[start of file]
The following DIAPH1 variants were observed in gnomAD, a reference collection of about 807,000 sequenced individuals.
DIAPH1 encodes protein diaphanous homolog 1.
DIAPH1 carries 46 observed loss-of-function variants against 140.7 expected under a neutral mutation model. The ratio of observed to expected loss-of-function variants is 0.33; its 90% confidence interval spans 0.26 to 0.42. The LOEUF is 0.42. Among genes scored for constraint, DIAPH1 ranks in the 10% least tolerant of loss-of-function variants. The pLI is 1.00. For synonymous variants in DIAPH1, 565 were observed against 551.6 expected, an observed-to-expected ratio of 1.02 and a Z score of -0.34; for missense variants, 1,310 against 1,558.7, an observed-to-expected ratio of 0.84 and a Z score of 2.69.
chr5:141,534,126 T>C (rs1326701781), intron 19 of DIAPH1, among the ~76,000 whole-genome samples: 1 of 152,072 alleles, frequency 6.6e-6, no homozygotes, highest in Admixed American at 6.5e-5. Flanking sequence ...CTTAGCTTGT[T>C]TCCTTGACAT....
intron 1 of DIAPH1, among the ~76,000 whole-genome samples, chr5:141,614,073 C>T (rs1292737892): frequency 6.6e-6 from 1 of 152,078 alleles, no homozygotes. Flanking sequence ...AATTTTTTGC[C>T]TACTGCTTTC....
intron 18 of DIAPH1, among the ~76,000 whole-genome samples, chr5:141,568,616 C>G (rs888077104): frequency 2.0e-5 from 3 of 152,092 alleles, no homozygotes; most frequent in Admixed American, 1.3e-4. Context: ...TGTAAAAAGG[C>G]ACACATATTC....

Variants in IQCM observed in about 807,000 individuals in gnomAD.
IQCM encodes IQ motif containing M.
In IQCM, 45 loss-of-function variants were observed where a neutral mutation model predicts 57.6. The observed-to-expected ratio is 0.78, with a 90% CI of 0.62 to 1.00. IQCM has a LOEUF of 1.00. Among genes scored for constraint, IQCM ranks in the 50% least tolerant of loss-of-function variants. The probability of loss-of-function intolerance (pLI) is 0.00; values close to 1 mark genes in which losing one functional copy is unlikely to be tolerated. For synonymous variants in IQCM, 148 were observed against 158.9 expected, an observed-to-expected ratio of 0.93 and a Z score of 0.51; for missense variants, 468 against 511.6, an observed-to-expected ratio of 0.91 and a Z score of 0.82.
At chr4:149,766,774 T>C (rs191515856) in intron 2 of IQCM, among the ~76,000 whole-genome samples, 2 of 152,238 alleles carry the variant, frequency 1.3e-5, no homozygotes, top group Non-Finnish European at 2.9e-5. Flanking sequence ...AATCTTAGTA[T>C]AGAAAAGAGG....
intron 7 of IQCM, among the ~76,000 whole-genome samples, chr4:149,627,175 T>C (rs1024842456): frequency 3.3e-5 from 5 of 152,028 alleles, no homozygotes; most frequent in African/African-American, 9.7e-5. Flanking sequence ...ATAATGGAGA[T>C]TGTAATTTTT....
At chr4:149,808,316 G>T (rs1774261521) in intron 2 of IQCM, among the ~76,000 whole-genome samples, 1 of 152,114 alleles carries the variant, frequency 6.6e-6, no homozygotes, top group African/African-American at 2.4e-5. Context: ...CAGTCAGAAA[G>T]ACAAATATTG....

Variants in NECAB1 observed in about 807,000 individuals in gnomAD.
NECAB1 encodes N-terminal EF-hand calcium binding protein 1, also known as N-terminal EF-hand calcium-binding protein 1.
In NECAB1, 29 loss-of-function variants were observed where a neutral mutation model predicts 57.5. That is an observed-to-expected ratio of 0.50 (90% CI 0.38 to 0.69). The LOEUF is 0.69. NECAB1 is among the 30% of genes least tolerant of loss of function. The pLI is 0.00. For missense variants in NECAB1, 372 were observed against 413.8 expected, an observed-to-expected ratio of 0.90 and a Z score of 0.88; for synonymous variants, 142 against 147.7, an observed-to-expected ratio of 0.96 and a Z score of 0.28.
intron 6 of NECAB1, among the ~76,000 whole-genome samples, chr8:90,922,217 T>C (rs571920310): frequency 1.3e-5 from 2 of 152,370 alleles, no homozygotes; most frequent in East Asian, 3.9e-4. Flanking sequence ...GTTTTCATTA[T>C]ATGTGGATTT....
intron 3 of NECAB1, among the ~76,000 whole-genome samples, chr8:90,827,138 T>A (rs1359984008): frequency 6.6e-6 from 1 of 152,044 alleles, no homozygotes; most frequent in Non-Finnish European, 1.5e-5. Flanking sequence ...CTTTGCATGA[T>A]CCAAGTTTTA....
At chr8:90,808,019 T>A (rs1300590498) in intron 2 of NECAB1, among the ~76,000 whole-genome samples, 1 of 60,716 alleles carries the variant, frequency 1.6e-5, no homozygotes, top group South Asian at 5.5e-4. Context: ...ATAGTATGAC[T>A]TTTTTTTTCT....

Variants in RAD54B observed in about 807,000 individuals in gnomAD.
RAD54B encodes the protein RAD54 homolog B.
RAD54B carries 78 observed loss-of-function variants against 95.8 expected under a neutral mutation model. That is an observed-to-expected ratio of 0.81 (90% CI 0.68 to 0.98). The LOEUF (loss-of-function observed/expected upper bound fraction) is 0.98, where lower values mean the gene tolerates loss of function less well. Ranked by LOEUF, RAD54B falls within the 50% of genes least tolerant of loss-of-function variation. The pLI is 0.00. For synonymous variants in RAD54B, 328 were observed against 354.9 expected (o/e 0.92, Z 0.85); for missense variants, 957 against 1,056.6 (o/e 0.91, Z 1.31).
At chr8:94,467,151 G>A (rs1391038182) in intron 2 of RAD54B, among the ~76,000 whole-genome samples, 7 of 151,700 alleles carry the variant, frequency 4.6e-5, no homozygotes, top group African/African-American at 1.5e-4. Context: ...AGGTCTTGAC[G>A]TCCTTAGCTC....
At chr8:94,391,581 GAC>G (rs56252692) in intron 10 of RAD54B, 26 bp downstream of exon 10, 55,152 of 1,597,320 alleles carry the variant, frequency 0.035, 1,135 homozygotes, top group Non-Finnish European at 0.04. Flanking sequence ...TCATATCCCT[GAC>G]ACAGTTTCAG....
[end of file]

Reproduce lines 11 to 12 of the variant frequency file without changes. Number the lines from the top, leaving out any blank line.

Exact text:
intron 7 of IQCM, among the ~76,000 whole-genome samples, chr4:149,627,175 T>C (rs1024842456): frequency 3.3e-5 from 5 of 152,028 alleles, no homozygotes; most frequent in African/African-American, 9.7e-5. Flanking sequence ...ATAATGGAGA[T>C]TGTAATTTTT....
At chr4:149,808,316 G>T (rs1774261521) in intron 2 of IQCM, among the ~76,000 whole-genome samples, 1 of 152,114 alleles carries the variant, frequency 6.6e-6, no homozygotes, top group African/African-American at 2.4e-5. Context: ...CAGTCAGAAA[G>T]ACAAATATTG....